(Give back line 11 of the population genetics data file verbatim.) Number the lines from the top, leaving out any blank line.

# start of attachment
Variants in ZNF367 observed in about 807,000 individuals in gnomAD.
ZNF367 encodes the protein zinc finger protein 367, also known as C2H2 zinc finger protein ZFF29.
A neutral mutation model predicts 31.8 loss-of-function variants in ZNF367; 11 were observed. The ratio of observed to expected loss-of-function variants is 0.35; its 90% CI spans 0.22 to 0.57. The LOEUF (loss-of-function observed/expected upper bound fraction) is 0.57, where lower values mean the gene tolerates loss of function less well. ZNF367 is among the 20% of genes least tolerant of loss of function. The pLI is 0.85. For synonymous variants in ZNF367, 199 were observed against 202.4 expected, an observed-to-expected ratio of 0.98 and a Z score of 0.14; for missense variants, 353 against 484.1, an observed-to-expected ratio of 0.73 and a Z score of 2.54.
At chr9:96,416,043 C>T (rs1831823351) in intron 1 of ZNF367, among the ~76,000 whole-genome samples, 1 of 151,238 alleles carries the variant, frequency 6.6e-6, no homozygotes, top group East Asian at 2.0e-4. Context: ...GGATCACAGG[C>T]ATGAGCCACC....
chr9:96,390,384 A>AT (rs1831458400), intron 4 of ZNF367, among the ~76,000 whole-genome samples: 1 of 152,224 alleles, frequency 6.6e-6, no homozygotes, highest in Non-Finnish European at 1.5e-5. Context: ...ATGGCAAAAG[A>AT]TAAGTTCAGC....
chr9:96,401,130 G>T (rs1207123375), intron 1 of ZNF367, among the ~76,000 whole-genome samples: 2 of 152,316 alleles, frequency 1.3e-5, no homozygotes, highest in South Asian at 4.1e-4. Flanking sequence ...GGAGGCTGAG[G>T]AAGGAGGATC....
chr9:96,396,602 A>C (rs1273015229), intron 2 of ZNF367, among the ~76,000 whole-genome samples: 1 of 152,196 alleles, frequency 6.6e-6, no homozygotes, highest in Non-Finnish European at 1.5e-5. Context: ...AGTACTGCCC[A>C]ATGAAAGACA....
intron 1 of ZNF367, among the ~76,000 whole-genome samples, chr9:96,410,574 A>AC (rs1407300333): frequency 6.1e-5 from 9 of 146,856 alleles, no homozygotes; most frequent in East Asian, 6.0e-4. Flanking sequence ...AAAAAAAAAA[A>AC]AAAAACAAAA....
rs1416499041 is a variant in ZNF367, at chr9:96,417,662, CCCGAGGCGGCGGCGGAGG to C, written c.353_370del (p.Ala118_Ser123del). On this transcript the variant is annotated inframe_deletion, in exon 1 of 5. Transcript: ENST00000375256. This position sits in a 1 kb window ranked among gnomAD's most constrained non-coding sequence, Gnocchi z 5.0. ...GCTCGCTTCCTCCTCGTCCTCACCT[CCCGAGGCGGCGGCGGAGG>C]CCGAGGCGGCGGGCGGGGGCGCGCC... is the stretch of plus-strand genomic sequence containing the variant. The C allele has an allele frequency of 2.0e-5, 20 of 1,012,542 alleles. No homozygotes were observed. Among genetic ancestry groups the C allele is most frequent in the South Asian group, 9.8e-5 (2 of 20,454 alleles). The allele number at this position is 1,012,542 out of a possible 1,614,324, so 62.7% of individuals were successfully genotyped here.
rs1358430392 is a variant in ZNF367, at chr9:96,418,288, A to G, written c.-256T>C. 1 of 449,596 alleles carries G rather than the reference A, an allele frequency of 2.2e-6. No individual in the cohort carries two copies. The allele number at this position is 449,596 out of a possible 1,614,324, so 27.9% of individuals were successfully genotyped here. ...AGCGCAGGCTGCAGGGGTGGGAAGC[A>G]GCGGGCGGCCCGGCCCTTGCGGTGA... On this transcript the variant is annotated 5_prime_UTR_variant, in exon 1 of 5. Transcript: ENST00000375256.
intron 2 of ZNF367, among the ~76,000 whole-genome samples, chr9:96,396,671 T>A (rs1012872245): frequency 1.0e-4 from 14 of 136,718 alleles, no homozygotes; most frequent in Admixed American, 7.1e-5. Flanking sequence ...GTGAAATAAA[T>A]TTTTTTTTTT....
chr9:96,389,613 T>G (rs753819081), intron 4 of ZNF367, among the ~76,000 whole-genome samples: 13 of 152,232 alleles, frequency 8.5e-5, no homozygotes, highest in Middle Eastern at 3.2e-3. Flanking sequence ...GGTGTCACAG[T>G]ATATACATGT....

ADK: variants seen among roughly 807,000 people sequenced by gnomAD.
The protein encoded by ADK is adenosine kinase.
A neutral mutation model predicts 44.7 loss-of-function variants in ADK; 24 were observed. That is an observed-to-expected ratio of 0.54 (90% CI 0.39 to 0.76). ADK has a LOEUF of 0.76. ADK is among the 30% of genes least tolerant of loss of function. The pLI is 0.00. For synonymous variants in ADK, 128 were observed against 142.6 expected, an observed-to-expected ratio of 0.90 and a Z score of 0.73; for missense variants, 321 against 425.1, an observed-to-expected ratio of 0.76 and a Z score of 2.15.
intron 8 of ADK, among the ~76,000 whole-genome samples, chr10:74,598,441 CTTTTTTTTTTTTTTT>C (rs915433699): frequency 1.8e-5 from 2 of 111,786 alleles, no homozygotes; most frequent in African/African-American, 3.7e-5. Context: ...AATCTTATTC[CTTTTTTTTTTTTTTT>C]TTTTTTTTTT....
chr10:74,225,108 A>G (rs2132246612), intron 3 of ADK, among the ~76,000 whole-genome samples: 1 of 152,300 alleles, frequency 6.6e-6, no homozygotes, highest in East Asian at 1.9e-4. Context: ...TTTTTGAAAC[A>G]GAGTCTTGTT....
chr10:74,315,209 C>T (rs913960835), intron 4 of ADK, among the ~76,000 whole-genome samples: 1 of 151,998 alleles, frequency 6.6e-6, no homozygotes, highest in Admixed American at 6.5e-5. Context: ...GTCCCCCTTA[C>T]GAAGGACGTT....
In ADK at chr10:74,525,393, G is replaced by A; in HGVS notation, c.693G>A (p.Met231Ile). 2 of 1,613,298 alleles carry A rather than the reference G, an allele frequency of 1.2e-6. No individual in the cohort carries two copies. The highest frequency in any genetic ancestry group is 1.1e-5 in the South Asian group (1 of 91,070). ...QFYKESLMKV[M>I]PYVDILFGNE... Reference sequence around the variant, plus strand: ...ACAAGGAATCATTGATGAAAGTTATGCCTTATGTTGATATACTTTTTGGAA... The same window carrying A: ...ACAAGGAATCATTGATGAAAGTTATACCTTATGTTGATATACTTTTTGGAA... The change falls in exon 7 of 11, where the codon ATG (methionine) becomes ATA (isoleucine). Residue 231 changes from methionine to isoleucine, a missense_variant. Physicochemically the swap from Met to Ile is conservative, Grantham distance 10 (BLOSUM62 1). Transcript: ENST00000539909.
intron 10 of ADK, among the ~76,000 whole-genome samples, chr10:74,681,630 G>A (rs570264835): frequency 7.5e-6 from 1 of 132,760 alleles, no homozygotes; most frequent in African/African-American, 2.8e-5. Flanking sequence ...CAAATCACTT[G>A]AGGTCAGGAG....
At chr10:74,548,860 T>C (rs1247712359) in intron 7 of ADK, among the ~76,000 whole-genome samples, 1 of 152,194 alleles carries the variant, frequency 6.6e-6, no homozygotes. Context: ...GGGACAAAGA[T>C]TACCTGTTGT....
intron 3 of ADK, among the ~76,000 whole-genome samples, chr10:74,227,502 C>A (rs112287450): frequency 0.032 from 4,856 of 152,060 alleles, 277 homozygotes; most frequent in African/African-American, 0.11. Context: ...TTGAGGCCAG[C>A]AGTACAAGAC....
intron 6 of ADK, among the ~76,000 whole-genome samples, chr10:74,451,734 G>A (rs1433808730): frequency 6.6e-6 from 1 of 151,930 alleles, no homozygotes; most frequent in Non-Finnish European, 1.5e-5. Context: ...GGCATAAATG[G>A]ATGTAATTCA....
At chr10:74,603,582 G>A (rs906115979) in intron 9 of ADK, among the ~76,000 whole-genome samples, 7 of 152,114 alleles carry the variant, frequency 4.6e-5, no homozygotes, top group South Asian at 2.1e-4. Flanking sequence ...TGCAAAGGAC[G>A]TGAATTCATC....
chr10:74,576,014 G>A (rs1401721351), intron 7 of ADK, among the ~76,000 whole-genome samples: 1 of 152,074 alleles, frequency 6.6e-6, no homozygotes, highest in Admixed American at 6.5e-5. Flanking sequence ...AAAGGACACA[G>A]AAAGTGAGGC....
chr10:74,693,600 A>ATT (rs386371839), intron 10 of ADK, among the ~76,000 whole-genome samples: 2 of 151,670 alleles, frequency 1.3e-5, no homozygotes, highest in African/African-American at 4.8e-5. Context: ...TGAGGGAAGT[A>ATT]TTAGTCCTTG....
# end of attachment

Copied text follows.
intron 2 of ZNF367, among the ~76,000 whole-genome samples, chr9:96,396,671 T>A (rs1012872245): frequency 1.0e-4 from 14 of 136,718 alleles, no homozygotes; most frequent in Admixed American, 7.1e-5. Flanking sequence ...GTGAAATAAA[T>A]TTTTTTTTTT....